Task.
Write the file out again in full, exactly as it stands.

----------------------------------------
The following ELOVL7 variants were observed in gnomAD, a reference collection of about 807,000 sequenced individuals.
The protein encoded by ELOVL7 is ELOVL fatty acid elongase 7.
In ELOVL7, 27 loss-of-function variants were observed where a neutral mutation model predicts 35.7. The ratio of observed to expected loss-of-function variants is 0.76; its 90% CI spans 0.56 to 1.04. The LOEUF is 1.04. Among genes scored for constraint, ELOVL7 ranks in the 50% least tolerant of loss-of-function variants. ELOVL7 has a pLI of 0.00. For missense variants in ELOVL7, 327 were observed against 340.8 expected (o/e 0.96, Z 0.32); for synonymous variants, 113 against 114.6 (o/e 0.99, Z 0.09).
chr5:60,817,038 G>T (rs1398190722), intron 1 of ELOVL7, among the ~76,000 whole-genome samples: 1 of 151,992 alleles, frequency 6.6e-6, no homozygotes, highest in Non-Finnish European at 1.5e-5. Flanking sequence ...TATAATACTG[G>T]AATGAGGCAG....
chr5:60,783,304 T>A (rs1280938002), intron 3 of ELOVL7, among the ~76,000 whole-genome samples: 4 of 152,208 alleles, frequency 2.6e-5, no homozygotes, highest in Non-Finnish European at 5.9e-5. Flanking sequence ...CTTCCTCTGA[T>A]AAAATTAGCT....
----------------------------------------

The following ELOVL7 variants were observed in gnomAD, a reference collection of about 807,000 sequenced individuals.
The protein encoded by ELOVL7 is ELOVL fatty acid elongase 7.
In ELOVL7, 27 loss-of-function variants were observed where a neutral mutation model predicts 35.7. The ratio of observed to expected loss-of-function variants is 0.76; its 90% CI spans 0.56 to 1.04. The LOEUF is 1.04. Among genes scored for constraint, ELOVL7 ranks in the 50% least tolerant of loss-of-function variants. ELOVL7 has a pLI of 0.00. For missense variants in ELOVL7, 327 were observed against 340.8 expected (o/e 0.96, Z 0.32); for synonymous variants, 113 against 114.6 (o/e 0.99, Z 0.09).
chr5:60,817,038 G>T (rs1398190722), intron 1 of ELOVL7, among the ~76,000 whole-genome samples: 1 of 151,992 alleles, frequency 6.6e-6, no homozygotes, highest in Non-Finnish European at 1.5e-5. Flanking sequence ...TATAATACTG[G>T]AATGAGGCAG....
chr5:60,783,304 T>A (rs1280938002), intron 3 of ELOVL7, among the ~76,000 whole-genome samples: 4 of 152,208 alleles, frequency 2.6e-5, no homozygotes, highest in Non-Finnish European at 5.9e-5. Flanking sequence ...CTTCCTCTGA[T>A]AAAATTAGCT....